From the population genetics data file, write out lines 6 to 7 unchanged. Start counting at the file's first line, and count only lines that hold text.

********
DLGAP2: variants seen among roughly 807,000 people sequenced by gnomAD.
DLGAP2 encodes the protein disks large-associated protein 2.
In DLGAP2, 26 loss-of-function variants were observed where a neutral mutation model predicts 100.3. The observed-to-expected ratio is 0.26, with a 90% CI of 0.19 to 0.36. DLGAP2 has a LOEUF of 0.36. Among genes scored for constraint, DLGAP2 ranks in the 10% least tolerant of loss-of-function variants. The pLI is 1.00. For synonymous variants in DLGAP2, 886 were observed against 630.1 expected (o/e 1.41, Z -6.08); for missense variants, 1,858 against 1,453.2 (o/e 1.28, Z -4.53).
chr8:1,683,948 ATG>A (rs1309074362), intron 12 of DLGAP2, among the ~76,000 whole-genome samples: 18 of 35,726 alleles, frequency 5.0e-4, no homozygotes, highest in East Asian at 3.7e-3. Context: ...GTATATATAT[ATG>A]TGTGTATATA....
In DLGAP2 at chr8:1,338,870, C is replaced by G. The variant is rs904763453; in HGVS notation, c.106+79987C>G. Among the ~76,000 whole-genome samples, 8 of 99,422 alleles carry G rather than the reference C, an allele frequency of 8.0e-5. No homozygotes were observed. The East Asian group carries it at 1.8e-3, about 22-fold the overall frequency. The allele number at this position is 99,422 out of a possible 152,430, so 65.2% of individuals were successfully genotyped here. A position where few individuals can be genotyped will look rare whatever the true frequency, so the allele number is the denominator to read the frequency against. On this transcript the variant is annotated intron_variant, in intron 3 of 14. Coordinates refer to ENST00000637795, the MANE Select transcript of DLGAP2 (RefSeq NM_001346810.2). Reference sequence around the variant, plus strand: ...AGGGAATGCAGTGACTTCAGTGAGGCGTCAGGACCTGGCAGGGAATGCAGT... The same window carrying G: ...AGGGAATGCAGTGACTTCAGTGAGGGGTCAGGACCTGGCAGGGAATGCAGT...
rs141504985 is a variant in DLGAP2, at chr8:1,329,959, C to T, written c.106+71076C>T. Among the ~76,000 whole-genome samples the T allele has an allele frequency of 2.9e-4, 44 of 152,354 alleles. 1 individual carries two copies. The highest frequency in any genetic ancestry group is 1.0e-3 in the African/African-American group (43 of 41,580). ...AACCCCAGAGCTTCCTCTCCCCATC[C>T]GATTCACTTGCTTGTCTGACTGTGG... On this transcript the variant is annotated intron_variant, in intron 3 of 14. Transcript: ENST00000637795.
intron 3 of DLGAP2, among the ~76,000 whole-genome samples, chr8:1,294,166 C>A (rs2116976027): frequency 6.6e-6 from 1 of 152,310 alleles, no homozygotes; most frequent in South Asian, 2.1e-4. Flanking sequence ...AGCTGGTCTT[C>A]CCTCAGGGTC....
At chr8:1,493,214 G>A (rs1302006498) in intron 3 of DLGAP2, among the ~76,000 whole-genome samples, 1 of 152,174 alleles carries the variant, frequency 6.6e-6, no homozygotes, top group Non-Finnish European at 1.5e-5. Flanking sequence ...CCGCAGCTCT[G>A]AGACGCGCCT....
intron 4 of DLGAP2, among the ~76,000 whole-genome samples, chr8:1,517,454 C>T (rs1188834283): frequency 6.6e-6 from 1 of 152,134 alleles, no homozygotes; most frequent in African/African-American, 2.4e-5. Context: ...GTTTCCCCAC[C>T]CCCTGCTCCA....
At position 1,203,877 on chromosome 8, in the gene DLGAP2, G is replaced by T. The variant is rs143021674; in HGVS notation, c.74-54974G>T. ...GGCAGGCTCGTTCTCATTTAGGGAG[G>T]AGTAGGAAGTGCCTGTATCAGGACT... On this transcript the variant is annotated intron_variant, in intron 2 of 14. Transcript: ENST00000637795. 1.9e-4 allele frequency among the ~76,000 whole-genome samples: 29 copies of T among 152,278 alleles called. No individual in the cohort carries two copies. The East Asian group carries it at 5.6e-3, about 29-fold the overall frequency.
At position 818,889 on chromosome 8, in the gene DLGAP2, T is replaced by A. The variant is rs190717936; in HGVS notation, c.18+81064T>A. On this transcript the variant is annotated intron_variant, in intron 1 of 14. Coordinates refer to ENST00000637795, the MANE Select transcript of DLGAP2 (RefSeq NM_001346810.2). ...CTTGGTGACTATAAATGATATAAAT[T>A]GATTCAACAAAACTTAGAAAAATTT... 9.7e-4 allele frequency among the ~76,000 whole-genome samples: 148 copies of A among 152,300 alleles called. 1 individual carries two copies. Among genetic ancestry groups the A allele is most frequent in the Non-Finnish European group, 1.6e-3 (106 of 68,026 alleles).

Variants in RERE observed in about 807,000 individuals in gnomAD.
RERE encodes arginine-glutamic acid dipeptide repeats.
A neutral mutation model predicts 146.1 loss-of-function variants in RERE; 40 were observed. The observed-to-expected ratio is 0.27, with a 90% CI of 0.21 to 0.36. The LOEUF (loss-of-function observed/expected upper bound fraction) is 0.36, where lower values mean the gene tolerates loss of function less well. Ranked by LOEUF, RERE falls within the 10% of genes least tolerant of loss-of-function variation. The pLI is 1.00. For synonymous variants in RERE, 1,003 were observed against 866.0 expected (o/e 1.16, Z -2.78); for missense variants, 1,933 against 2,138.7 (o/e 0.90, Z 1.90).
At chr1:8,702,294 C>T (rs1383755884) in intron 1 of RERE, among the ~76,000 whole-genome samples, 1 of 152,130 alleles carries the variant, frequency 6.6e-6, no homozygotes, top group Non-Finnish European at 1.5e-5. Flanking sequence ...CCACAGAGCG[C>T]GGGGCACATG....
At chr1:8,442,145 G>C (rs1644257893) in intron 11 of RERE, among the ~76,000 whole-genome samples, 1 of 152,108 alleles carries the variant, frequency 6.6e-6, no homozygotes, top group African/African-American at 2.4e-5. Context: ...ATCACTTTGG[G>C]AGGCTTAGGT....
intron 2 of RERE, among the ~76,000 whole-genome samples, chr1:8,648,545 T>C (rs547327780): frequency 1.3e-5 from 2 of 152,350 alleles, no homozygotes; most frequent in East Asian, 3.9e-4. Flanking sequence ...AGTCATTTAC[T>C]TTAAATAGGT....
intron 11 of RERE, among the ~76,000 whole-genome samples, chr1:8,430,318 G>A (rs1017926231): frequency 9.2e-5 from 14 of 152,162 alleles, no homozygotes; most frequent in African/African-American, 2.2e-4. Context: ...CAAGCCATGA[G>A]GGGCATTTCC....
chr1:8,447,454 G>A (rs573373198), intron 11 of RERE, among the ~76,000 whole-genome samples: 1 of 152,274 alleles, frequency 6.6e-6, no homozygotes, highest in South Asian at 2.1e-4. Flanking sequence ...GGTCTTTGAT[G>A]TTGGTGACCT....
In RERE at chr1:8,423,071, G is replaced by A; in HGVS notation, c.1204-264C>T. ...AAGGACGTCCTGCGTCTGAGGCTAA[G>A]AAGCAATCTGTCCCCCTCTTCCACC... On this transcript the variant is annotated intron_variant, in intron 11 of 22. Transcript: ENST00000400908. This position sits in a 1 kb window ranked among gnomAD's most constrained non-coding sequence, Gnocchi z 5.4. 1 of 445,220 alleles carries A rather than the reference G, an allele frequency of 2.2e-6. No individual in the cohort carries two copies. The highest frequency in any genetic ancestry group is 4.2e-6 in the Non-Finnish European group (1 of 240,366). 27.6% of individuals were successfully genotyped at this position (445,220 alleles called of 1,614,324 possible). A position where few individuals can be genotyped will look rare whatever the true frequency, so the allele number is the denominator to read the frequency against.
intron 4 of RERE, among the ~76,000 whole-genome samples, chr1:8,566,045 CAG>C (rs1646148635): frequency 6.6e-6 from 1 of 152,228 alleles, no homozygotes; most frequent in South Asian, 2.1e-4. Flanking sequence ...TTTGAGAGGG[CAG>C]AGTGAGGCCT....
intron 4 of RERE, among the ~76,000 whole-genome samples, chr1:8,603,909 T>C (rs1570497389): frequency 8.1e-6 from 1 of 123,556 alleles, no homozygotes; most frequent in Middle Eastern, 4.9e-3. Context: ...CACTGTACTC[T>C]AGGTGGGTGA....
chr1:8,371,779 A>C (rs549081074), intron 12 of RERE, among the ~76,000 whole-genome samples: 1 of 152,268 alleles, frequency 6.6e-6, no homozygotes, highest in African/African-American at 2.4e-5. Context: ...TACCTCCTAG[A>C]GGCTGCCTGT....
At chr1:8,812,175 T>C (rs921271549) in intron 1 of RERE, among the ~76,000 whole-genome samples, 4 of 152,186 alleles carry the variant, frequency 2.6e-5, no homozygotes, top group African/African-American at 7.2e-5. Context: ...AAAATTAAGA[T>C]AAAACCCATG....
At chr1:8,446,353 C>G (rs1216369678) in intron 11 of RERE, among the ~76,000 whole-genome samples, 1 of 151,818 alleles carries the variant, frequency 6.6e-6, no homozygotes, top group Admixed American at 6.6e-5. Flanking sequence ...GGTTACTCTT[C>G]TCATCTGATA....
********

rs141504985 is a variant in DLGAP2, at chr8:1,329,959, C to T, written c.106+71076C>T. Among the ~76,000 whole-genome samples the T allele has an allele frequency of 2.9e-4, 44 of 152,354 alleles. 1 individual carries two copies. The highest frequency in any genetic ancestry group is 1.0e-3 in the African/African-American group (43 of 41,580). ...AACCCCAGAGCTTCCTCTCCCCATC[C>T]GATTCACTTGCTTGTCTGACTGTGG... On this transcript the variant is annotated intron_variant, in intron 3 of 14. Transcript: ENST00000637795.
intron 3 of DLGAP2, among the ~76,000 whole-genome samples, chr8:1,294,166 C>A (rs2116976027): frequency 6.6e-6 from 1 of 152,310 alleles, no homozygotes; most frequent in South Asian, 2.1e-4. Flanking sequence ...AGCTGGTCTT[C>A]CCTCAGGGTC....